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Al Davis

Al Davis

Allen "Al" Davis (born July 4, 1929 in Brockton, Massachusetts) is a Jewish-American Football executive, who currently serves as the President of the General Partner of the NFL's Oakland Raiders.

Biography

Early life

He attended Syracuse University, where he earned a degree in English. Upon graduation, he began his coaching career as the line coach at Adelphi College from 1950 to 1951. From there Davis served as the head coach of the U.S. Army team at Ft. Belvoir, Virginia from 1952 to 1953. His next coaching assignment was as the line coach and chief recruiter for The Citadel. From 1957 to 1959 Davis was a line coach at the University of Southern California.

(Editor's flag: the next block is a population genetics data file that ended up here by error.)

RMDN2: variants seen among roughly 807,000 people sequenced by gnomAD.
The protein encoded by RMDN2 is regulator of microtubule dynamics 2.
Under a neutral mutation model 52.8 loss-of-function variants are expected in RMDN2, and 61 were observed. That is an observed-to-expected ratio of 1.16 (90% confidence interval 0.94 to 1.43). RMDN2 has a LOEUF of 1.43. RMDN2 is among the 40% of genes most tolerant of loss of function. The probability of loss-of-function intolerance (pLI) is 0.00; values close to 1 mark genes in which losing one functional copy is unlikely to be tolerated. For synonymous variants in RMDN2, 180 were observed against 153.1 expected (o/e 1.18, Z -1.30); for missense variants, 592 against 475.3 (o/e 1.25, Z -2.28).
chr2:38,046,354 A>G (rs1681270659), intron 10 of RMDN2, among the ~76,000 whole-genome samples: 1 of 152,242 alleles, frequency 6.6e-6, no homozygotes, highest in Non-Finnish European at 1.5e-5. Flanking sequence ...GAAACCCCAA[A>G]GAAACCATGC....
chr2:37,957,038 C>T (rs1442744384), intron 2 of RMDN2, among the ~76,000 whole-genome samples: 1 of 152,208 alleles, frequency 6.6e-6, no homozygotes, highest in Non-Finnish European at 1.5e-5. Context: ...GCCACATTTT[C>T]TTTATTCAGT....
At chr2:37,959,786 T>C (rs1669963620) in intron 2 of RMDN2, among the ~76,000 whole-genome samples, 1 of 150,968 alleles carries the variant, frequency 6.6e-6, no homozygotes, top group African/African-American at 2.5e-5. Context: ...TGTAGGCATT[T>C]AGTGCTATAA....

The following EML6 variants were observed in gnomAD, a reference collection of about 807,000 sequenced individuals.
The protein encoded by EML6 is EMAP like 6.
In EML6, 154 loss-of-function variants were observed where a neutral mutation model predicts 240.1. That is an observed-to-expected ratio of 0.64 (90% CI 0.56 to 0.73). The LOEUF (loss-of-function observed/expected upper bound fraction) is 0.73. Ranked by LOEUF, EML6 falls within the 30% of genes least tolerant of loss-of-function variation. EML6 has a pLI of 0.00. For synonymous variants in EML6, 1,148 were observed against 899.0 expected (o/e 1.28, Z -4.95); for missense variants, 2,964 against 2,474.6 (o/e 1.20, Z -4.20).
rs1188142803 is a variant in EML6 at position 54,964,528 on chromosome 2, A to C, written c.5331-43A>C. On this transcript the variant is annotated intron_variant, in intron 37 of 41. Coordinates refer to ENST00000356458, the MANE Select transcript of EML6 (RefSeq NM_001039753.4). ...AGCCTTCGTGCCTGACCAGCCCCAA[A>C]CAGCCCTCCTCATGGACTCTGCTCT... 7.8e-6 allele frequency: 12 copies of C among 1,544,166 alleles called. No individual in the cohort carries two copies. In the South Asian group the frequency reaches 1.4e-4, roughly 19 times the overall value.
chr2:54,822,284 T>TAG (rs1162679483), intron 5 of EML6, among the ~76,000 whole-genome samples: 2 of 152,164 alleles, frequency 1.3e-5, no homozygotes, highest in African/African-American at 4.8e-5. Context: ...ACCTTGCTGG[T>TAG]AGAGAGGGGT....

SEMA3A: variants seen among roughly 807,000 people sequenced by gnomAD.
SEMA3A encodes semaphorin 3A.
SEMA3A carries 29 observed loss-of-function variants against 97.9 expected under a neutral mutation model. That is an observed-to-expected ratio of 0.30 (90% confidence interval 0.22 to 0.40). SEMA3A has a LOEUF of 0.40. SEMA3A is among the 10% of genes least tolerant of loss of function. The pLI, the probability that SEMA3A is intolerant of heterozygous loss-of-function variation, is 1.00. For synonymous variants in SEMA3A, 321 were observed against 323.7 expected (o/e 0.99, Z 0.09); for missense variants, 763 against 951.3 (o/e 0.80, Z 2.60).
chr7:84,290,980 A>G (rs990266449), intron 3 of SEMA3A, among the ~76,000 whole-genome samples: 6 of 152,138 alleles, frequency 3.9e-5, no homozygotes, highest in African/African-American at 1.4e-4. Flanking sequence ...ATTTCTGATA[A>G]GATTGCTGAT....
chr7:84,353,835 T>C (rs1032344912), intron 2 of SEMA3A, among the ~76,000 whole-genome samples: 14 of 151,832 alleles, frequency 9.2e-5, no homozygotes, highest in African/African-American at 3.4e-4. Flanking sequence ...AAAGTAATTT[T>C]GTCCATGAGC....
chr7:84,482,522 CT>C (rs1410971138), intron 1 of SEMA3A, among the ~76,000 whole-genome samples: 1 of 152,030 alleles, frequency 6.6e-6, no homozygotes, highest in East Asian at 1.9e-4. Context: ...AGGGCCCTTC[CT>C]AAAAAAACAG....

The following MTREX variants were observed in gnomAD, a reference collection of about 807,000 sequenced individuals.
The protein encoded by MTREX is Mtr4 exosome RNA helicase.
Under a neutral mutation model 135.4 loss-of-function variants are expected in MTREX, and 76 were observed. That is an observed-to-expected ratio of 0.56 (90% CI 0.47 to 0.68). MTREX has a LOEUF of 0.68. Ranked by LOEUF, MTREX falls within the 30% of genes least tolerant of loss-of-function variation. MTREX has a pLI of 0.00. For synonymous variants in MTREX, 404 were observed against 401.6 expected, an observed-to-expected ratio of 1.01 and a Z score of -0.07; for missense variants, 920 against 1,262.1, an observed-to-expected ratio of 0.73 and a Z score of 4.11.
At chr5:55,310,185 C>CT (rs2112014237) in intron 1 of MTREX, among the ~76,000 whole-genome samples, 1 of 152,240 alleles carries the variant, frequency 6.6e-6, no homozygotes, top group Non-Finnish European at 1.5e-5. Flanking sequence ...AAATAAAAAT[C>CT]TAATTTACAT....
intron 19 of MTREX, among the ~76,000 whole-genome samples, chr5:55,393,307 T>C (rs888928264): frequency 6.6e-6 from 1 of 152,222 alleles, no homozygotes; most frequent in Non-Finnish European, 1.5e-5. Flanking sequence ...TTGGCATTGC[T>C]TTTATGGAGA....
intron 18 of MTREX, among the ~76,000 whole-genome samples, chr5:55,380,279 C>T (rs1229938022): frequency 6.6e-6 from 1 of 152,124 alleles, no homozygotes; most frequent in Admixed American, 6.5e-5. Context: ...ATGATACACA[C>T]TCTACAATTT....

Coaching career

Davis' first coaching experience in professional football came as the offensive end coach of the Los Angeles Chargers from 1960 to 1962. In 1963, at the age of 33, and known then and now for his slicked-back hair, Brooklyn-tinged speech, dark glasses and ferocious competitiveness, Davis became the head coach and general manager of the AFL's Oakland Raiders. Prior to Davis' arrival, the Raiders had compiled a 9-33 record in their first three years of existence. Davis led the team to a 10–4 record in 1963 and was unanimously named the American Football League Coach of the Year.

Davis compiled a coaching record of 23–16–3 in three seasons as head coach in Oakland.

AFL Commissioner